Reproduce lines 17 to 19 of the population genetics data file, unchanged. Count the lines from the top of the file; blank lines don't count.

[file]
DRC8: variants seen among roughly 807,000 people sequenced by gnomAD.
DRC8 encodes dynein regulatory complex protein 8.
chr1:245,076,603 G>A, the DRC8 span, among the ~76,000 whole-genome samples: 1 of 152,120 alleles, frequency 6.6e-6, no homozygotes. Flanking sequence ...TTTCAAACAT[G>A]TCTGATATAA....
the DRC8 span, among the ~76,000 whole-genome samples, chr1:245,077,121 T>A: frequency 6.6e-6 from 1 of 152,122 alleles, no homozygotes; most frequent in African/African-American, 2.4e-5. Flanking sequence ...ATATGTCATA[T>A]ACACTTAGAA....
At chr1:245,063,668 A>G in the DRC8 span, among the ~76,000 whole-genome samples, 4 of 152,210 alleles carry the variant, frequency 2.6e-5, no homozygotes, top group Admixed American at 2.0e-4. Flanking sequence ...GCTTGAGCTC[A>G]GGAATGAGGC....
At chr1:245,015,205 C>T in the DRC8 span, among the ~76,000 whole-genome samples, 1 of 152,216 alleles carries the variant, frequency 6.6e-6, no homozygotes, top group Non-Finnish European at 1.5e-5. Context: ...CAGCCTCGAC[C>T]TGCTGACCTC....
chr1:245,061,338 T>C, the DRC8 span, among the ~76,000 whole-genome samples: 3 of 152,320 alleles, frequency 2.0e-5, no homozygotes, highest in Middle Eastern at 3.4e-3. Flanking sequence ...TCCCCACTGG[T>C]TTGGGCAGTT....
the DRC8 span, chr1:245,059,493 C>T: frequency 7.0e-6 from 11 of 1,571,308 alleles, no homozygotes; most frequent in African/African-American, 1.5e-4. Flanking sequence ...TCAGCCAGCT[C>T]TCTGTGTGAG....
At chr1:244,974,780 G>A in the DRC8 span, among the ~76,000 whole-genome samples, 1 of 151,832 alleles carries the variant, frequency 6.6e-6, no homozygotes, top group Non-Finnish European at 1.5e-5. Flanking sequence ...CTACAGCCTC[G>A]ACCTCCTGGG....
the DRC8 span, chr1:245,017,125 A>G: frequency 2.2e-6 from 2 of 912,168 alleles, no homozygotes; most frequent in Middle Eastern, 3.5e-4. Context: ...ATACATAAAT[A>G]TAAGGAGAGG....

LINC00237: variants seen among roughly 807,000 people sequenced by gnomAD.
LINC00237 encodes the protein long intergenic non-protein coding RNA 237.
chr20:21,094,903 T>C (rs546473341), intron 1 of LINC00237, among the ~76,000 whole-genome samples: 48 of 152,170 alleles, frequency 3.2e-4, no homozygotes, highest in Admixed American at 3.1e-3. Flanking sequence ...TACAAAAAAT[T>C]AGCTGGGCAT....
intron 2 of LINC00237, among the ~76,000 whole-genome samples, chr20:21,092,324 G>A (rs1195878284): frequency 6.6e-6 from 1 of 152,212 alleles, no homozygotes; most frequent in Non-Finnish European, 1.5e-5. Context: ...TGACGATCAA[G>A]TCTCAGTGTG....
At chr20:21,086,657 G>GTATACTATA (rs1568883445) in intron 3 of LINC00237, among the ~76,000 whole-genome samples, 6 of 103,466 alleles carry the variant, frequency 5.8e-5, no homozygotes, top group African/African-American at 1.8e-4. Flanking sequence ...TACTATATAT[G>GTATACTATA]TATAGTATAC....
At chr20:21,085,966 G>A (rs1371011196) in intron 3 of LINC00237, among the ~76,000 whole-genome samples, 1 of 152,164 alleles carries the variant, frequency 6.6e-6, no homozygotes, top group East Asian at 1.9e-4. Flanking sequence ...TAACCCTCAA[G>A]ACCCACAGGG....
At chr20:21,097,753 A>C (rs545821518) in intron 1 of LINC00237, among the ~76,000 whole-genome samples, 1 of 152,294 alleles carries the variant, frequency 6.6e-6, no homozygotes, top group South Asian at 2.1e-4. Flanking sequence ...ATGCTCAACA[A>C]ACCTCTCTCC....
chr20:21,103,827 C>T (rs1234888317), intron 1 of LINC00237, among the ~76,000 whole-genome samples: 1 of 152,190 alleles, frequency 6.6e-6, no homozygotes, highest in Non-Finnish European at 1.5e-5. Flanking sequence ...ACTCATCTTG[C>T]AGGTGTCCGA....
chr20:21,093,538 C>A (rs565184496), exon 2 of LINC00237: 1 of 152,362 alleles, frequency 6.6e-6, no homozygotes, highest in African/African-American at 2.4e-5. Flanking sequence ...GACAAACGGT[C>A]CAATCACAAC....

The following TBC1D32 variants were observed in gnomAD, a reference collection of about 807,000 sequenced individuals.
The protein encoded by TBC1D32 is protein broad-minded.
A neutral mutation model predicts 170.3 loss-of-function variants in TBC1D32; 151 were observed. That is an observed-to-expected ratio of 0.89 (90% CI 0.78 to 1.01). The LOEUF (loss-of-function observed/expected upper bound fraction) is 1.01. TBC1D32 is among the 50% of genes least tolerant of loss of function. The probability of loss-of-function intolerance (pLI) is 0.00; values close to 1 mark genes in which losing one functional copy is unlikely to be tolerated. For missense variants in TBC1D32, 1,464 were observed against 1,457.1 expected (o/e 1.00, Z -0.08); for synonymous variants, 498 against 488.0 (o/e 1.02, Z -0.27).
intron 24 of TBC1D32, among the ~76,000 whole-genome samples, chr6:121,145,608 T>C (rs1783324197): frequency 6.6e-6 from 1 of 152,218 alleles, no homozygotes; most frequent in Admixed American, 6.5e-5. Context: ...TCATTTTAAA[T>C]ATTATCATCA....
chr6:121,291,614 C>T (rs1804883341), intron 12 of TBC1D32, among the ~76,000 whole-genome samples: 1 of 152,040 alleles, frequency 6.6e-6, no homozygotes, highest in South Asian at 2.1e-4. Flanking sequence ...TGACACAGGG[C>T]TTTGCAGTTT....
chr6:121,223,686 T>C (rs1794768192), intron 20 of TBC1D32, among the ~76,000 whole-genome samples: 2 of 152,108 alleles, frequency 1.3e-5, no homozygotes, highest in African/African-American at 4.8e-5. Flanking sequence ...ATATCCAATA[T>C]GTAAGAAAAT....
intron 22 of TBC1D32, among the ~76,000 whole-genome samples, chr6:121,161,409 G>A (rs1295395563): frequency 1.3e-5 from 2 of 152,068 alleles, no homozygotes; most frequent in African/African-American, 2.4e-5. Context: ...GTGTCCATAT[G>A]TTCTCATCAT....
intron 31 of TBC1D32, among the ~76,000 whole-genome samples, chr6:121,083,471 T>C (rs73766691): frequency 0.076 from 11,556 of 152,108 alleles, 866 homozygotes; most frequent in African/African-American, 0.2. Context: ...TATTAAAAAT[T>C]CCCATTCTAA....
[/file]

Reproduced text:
At chr20:21,097,753 A>C (rs545821518) in intron 1 of LINC00237, among the ~76,000 whole-genome samples, 1 of 152,294 alleles carries the variant, frequency 6.6e-6, no homozygotes, top group South Asian at 2.1e-4. Flanking sequence ...ATGCTCAACA[A>C]ACCTCTCTCC....
chr20:21,103,827 C>T (rs1234888317), intron 1 of LINC00237, among the ~76,000 whole-genome samples: 1 of 152,190 alleles, frequency 6.6e-6, no homozygotes, highest in Non-Finnish European at 1.5e-5. Flanking sequence ...ACTCATCTTG[C>T]AGGTGTCCGA....
chr20:21,093,538 C>A (rs565184496), exon 2 of LINC00237: 1 of 152,362 alleles, frequency 6.6e-6, no homozygotes, highest in African/African-American at 2.4e-5. Flanking sequence ...GACAAACGGT[C>A]CAATCACAAC....